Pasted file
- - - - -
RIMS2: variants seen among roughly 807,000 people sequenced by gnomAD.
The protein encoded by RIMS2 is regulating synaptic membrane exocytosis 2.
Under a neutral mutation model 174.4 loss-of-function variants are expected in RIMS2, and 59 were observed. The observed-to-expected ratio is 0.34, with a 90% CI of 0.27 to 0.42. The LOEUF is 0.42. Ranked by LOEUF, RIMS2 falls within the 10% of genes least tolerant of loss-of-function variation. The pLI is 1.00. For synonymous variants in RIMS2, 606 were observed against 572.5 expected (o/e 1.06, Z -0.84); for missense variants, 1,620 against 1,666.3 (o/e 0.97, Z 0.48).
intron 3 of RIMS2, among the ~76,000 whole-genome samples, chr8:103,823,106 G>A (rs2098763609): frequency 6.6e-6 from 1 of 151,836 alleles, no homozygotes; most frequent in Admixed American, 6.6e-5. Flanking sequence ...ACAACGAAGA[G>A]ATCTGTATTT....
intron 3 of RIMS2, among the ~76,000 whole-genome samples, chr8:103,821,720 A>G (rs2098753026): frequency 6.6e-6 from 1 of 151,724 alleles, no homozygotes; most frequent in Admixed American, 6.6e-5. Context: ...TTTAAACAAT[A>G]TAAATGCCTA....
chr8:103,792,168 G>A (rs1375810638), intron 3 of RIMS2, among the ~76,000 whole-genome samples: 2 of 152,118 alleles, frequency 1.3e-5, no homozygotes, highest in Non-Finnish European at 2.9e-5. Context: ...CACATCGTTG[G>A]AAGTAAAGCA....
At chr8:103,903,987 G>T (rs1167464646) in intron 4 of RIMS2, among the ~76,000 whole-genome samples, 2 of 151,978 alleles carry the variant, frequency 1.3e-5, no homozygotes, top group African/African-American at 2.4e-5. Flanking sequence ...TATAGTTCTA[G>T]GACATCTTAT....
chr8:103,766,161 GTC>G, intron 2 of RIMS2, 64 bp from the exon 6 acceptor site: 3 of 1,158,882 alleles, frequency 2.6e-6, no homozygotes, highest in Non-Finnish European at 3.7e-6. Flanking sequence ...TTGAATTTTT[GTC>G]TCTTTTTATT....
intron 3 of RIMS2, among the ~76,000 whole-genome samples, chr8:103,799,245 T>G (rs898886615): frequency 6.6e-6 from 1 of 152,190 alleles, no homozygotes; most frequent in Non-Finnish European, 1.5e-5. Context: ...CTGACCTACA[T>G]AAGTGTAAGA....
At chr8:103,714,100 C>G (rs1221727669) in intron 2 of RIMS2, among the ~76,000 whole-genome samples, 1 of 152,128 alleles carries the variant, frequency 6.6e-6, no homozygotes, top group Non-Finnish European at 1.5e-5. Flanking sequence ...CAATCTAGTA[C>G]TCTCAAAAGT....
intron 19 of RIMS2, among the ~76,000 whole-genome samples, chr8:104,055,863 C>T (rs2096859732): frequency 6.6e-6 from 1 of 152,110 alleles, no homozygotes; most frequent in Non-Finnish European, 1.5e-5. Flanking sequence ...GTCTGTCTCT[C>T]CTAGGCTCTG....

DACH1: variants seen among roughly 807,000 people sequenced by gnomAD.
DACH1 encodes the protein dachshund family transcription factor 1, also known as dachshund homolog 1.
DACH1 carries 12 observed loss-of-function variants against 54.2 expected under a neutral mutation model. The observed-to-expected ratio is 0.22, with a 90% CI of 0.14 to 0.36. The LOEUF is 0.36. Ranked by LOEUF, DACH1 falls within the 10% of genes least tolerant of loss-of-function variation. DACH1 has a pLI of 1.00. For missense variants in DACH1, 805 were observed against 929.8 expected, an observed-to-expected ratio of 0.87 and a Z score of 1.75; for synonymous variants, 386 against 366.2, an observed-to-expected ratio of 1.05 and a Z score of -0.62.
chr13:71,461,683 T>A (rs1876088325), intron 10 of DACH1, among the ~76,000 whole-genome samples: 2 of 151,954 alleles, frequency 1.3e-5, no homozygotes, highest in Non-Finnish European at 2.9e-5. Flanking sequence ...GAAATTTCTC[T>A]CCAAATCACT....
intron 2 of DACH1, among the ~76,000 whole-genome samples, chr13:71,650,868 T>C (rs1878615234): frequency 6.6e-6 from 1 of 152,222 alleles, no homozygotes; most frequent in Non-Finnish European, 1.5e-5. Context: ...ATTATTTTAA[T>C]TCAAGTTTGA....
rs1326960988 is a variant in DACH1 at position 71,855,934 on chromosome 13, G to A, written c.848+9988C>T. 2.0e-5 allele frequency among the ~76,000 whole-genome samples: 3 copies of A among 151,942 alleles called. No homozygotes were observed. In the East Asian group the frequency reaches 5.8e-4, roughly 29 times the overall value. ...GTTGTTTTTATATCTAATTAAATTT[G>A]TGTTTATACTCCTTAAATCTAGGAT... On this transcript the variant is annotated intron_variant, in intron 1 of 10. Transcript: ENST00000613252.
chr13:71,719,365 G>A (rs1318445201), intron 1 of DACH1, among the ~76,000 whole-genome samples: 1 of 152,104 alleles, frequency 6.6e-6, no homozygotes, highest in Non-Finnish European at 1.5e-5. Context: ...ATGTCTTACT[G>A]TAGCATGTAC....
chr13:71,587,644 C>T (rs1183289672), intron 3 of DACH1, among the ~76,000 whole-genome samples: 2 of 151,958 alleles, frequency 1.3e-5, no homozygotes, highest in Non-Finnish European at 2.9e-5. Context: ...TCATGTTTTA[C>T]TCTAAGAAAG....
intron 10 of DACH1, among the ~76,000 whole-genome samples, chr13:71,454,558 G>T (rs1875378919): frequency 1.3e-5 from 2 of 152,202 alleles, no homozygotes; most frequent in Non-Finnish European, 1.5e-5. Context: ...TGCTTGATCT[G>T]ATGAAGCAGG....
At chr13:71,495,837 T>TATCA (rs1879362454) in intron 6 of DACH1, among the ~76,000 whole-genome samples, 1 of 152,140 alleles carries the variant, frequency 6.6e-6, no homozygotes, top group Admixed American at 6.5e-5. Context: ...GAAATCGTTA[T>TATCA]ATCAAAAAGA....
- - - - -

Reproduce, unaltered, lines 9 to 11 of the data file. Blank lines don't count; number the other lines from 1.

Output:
intron 3 of RIMS2, among the ~76,000 whole-genome samples, chr8:103,799,245 T>G (rs898886615): frequency 6.6e-6 from 1 of 152,190 alleles, no homozygotes; most frequent in Non-Finnish European, 1.5e-5. Context: ...CTGACCTACA[T>G]AAGTGTAAGA....
At chr8:103,714,100 C>G (rs1221727669) in intron 2 of RIMS2, among the ~76,000 whole-genome samples, 1 of 152,128 alleles carries the variant, frequency 6.6e-6, no homozygotes, top group Non-Finnish European at 1.5e-5. Flanking sequence ...CAATCTAGTA[C>G]TCTCAAAAGT....
intron 19 of RIMS2, among the ~76,000 whole-genome samples, chr8:104,055,863 C>T (rs2096859732): frequency 6.6e-6 from 1 of 152,110 alleles, no homozygotes; most frequent in Non-Finnish European, 1.5e-5. Flanking sequence ...GTCTGTCTCT[C>T]CTAGGCTCTG....